I have had the back off a DX5 lots of times, either to investigate the on off switch problem I had with one of those or to change the mode of the throttle stick from slider to spring centered and back again, depending on whether its prime use was for powered models or yachts. Changing the mode on the DX6e is easy, its done with a switch on the back. Taking the DX6e apart though looks much trickier in comparison.
I had a cautious look inside the DX6e but could only separate the two halves of the case by about an inch. The problem is there is a lot more 'gubbins' inside a DX6e and a lot of leads across from the back section to the front. I suspect most of these leads have plugs or sockets at one end or the other but they are so short I can only gingerly separate the two halves of the transmitter by about an inch. I suspect if I separate the leads from the front or back it could be a real struggle to get them reconnected. Maybe there is some spare wire hidden in there or maybe some 'value engineering' was done in the design and someone worked out their assembly line workers only needed leads 2 inches long to put them together and they could save a penny a transmitter.
I will ring the service centre next week and see what they say and let you know the outcome. It will probably be cost effective to repair a DX6e but the response I got on the DX5 from Germany 2 years ago was its obsolete.
Edited By Gareth Jones on 24/05/2020 20:45:36
Edited By Gareth Jones on 24/05/2020 20:59:13
Thanks for that Dave I will give them a try. However I have just had a thought I will investigate first. I wonder if it is a touch sensitive switch rather than a mechanically operated one?
The initial reference to your advice Dave was because I seem to remember you became rather disenchanted with Spektrum technology a while ago and mentioned you were selling off your Spektrum stuff.
Edited By Colin Bishop on 24/05/2020 19:12:31
I have a feeling Dave Milbourn is going to come along and say I told you so but here goes anyway.
I have a Spektrum DX6e transmitter which is about 2 or 3 years old. It has been faultless up to now but has started to be very reluctant to allow itself to be switched off. No matter where, how hard or how long I press the on/off switch down it sometimes refuses to turn off and the only option is to remove one of the batteries. Has anyone else had this problem and is there a solution, other than a new switch or send it off to the repair agents, wherever they are now?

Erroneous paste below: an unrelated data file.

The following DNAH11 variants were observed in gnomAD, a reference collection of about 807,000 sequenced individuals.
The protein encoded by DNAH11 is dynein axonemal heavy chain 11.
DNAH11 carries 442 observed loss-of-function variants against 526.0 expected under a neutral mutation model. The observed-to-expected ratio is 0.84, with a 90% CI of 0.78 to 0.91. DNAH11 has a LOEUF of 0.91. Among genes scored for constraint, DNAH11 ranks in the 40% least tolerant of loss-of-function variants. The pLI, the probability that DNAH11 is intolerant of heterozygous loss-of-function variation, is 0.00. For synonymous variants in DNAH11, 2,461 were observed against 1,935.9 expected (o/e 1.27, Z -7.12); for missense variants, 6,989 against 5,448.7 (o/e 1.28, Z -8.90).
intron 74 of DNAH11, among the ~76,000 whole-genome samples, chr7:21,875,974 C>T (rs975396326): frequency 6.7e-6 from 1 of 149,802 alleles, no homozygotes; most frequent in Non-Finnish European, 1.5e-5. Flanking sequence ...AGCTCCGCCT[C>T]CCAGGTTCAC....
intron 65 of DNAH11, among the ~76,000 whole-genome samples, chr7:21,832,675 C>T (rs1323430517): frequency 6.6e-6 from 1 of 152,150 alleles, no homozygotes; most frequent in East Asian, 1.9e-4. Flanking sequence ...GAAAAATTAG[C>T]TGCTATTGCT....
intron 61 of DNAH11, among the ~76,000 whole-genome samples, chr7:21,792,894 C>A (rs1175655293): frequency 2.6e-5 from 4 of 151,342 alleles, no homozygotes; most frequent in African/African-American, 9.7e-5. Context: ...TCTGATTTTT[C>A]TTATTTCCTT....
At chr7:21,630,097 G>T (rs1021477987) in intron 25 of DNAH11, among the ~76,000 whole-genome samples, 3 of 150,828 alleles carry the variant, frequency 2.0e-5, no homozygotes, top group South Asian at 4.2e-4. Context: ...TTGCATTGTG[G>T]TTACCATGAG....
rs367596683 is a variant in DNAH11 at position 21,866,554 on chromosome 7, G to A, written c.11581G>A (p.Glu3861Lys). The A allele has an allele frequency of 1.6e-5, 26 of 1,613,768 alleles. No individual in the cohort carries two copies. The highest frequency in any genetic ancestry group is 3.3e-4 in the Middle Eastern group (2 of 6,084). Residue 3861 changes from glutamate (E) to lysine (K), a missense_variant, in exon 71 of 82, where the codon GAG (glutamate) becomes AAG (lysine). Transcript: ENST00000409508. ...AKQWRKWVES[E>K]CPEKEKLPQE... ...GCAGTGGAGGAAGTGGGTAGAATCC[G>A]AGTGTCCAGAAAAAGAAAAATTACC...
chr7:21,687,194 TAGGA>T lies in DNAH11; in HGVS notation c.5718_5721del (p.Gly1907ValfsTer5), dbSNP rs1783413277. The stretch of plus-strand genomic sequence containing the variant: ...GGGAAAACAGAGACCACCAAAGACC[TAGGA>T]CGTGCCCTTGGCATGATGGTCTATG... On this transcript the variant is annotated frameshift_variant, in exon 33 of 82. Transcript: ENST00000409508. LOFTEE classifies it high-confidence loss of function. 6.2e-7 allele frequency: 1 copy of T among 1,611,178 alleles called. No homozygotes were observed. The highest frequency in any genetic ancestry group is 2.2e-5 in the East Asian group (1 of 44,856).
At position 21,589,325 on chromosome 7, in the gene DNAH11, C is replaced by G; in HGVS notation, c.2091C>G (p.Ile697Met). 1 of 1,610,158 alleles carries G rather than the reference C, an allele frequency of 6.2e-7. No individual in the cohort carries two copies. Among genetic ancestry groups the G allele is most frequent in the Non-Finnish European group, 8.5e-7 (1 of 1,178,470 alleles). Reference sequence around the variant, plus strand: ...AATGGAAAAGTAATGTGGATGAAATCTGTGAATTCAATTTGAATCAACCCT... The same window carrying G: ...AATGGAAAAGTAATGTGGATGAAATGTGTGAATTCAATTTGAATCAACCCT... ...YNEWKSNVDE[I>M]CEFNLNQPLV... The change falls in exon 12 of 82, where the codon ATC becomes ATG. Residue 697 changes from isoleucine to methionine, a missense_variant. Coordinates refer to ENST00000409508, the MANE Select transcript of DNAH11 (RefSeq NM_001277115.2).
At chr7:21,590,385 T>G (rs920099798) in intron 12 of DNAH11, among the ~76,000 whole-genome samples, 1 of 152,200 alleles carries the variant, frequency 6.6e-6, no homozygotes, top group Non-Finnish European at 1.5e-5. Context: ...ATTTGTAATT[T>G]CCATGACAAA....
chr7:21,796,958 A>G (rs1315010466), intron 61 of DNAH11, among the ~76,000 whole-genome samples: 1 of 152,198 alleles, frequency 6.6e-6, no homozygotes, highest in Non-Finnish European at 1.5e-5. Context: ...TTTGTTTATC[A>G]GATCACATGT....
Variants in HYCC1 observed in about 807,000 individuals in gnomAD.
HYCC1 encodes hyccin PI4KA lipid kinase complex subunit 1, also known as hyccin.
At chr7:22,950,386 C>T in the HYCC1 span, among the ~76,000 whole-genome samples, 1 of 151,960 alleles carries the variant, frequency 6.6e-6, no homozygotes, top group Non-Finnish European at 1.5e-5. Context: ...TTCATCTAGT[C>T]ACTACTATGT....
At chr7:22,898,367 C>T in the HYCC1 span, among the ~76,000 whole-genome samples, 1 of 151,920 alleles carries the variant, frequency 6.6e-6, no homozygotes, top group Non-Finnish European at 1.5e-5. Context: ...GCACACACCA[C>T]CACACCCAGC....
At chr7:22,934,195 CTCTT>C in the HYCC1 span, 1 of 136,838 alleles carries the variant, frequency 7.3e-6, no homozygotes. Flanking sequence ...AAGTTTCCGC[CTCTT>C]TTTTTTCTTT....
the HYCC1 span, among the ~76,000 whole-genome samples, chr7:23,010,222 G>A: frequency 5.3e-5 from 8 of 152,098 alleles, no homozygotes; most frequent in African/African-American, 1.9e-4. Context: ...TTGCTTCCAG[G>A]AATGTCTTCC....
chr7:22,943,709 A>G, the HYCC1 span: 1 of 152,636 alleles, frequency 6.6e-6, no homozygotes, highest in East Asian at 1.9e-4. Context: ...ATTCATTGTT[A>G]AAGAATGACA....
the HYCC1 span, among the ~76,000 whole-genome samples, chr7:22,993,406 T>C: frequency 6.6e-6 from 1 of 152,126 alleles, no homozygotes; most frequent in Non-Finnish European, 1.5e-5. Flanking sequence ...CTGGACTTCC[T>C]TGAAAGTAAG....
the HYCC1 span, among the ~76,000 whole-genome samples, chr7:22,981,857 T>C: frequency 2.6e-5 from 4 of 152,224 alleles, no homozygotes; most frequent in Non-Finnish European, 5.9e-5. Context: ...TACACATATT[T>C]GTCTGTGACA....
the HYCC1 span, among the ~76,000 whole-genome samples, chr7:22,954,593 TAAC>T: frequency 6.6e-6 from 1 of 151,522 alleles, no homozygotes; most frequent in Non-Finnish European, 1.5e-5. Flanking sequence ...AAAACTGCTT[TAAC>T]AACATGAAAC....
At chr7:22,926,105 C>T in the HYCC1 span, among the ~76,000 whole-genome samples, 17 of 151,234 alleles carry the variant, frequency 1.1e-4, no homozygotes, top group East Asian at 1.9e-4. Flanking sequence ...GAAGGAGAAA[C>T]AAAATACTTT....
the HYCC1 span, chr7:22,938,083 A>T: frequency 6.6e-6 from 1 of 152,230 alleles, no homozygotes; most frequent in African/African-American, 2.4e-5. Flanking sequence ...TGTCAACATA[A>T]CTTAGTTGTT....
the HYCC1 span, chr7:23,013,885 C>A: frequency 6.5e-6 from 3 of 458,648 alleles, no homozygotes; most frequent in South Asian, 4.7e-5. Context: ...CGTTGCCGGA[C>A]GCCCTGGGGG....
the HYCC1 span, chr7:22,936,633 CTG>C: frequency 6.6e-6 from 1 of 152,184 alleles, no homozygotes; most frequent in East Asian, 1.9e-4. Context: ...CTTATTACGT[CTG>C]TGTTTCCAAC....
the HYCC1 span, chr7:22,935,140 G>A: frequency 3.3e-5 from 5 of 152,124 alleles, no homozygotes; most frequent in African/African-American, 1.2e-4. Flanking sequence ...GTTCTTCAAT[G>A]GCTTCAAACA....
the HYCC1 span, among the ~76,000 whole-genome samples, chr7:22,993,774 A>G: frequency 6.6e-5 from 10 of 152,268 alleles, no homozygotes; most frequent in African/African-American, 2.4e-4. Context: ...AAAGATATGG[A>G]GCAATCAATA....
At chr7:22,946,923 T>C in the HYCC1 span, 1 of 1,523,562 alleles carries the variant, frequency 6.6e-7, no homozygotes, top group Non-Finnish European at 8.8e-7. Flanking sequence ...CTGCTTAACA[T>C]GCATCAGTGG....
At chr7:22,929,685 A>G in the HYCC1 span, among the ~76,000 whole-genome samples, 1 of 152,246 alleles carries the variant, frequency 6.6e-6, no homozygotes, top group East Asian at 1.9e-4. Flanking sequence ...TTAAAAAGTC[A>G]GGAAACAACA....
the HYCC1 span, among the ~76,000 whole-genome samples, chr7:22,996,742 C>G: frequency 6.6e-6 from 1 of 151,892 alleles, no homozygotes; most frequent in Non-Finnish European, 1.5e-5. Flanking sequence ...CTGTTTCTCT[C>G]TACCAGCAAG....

If I replace the battery the unit immediately powers up without needing to press the switch to turn it on so I am not sure whether the fault is in the switch itself or the electrical logic in the unit. Getting at the switch inside the case does not look straightforward. Ironically I bought this transmitter to replace a DX5 transmitter that also had a problem with its on/off switch, but that was a different type of switch.
Sorry I meant to start this as a new thread but somehow managed to add it to this one and now cant remove it - not my day today
Moved from previous thread
Edited By Colin Bishop on 24/05/2020 15:31:04
|Thread: LiPo storage charging|
Definitely with the balancing lead. I cant think of any reason why anyone would ever charge a LiPo without one - unless you didn't have one and were desperate enough to take the risk.
|Thread: Sweet Sue II|
Its good to see you back on the forum and about to start another project. I am sure your model will put even Dave Milbourn's Fairey in the shade when its finished to your usual high standard.
Seeing the clock on the wall of your apartment reminded me of the one I made some years ago. As a small boy my favorite toy was Meccano and I was fascinated by gears and gearboxes, In my final year at university I designed a transfer gearbox for a lorry as my design project. However it was not very good as I was never very happy starting anything from a clean sheet of paper.
One day thirty odd years ago, I told my wife I fancied building a clock from a kit. What I envisioned was assembling lots of brass gears into a working mechanism. However, what she bought me for Christmas 1989 was a complete clock mechanism and chimes plus the plans for a Vienna regulator case. Progress was quite slow as I did not have a lathe to make the columns and finials but eventually, after some improvisation the clock was completed 10 years later.
For Christmas 1999 she bought me an engraved brass plate to fit inside the case.
The clock is still on our dining room wall but very rarely gets wound up these days.
Edited By Gareth Jones on 09/04/2020 11:36:37
|Thread: Vane Steering for Model Yachts|
Its quite common to mount the vane gear on a bracket overhanging the transom on 36R class yachts as shown in the picture below. The 36R is the only formally recognised class where this is allowed. For Marbleheads, 10 Raters and A class boats the axis of the vane gear must be inboard on the hull. However since you are making an experimental installation of your own design and it is not going to be measured or registered you can of course do as you please.
It is also quite common on vane steered yachts for the lower section of the back stay to be split into two separate lines as shown in the photo, so they stay clear of the vane gear in all its possible positions.
Watch out Ray, I think Luddite was the word that got me into trouble last time.
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We welcome well written contributions from Website members on almost any aspect of Model Boating with a particular emphasis on practical hints, tips, experience and builds.
In order to maintain a consistent standard and format, all suggestions should first be sent to me by Personal Message for approval in principle. Only a very limited amount of time is available for editing contributions into a suitable format for placing on the website so it is important that the material is well presented, lucid and free from obvious spelling errors. I think it goes without saying that contributions should be illustrated by appropriate photos. I shall be happy to give advice on this.